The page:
“Fire” is the first Indian film that explicity depicted acts of homosexuality (specifically lesbians) on film and that alone deserves recognition. From beginning to end, I was interested in the picture because Shabana Azmi is often torn between what she wants to do for herself and her duties as a wife and a woman. Nandita Das finds out that her husband (Javed Jaffrey) is having an affair and that inner turmoil that she experiences lead to her discovery about what she really wants in life. Azmi and Das’ initial common bond was unhappiness which quickly evolved into something more. Even though this film is stripped down due to its limited budget, the writing is pretty powerful. It manages to use flashbacks, folk stories and comedy in order maintain the film’s focus. Those three elements were used to elucidate the literal and symbolic meanings of fire; why it can be a friend or an enemy, how it can make one feel so alive or exiled. Whenever Azmi and Das interacted, I could feel their passion and yearning to break away from society’s norms but at the same time hold on to what they have. Their affair does not stay hidden for long so they are forced to choose between unhappy familiarity and exciting uncertainty. I was also impressed with this movie because it was honest in its portrayal of homosexuality. Deepa Mehta, the writer and director, was careful about molding the lives of the main characters; she makes her characters rise above being lesbians and actually lead lives that are otherwise normal and traditional. I thought the most powerful scenes were saved in the last twenty minutes. When it was over, I understood what the title really meant. A lot of people might dismiss this film for being too slow or being too depressing or actively defying the traditional Indian culture. I can only agree with the last bit but that’s a good thing because it offers something new. It goes to show that homosexuality exists across cultures and it shouldn’t be taboo.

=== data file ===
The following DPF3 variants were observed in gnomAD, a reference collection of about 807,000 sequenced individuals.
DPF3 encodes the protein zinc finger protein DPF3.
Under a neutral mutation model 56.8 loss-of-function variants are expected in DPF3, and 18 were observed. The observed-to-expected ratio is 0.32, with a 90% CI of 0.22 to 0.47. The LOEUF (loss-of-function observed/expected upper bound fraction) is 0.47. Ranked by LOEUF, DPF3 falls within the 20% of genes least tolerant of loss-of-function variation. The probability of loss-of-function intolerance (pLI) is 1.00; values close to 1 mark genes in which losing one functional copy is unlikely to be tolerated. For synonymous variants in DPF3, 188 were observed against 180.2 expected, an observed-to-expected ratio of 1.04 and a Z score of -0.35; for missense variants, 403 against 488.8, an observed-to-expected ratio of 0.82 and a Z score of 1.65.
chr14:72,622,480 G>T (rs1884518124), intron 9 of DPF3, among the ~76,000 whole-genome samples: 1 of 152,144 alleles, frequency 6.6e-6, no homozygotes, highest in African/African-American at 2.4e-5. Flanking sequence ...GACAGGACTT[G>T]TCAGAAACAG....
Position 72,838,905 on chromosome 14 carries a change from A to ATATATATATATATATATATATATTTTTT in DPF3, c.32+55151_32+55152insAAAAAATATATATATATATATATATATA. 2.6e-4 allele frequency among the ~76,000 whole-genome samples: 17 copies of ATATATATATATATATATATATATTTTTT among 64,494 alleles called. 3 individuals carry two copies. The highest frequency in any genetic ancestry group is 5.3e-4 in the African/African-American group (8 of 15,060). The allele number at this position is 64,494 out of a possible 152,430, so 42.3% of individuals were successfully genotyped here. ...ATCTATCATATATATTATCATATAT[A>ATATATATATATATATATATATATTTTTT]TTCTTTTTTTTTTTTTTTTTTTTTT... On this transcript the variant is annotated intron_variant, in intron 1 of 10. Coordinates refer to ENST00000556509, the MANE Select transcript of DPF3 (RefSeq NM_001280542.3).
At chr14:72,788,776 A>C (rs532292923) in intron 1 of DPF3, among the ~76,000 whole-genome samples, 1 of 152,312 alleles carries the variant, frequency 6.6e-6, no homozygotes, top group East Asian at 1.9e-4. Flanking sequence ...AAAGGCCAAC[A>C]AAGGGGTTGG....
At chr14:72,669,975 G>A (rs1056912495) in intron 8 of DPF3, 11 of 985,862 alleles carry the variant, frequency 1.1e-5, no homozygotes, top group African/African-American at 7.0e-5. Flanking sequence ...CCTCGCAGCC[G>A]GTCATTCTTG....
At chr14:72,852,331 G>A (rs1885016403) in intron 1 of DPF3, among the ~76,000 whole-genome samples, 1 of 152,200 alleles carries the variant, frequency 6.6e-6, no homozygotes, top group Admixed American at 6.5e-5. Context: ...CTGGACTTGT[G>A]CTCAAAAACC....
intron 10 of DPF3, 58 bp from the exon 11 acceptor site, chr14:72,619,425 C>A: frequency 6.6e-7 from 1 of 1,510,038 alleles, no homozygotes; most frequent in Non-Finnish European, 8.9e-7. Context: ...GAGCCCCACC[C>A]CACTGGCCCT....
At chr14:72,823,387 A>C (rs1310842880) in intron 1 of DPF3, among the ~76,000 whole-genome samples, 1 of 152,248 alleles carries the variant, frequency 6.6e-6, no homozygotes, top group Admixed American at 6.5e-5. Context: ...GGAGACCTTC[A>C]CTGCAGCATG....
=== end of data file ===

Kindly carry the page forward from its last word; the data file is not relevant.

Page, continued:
17 Again (2009)
★★ / ★★★★
Even though I’m no fan of Zac Efron (he hasn’t yet proven to me that he can be a versatile actor), I have to admit that I somewhat enjoyed this movie. Granted, that enjoyment didn’t come from either lead actors, Efron or Matthew Perry; in fact, the supporting actors were the ones that stepped up to the plate and delivered the big laughs. Having been down on his luck, Perry gets a second chance to look like his seventeen-year-old high school self (played by Efron) after talking to a magical janitor/spirit guide. In that younger body, he’s able to find a relationship with his two kids (Michelle Trachtenberg, Sterling Knight) and fix his marriage problems with his wife (Leslie Mann). The only person that knows about the whole magical transformation was Perry’s best friend played by the hilarious Thomas Lennon. Lennon stole every scene he was in and I seriously couldn’t stop laughing because of the way he embraced his characters’ nerdy persona. (“Star Wars,” “The Lord of the Rings,” you name it, the geeky reference is there.) He was matched by Melora Hardin (“The Office”), the high school principal with a little secret that she expertly masks. What dragged this film down was its inability to stay away from syrupy scenes and lines, including the so-called dramatic slow motions during the basketball games. Its message was also very vague. I felt like the message it tried to convey was in order to stop feeling like outcast, one should join the basketball team because that’s where the opportunities are found. That would’ve been easily solved if Trachtenberg and Knight had friends who are astute, well-adjusted, and happy with where they are in life. Instead, the two of them are simply outcasts: Trachtenberg is dependent on her boyfriend (played by the lovely, though not-so-lovely in this film, Hunter Parrish) and Knight as a socially awkward loverboy. What this movie is trying to show is not real life and it’s a shame because I know for a fact that teenagers (especially teenage girls) will be drawn to this. “17 Again” has some funny material but I found it confusing in its core and very unrealistic in its portrayal of high school. Or maybe I just need to see Efron play a character who doesn’t know how to play basketball. Perhaps then the cheesiness will decrease exponentially.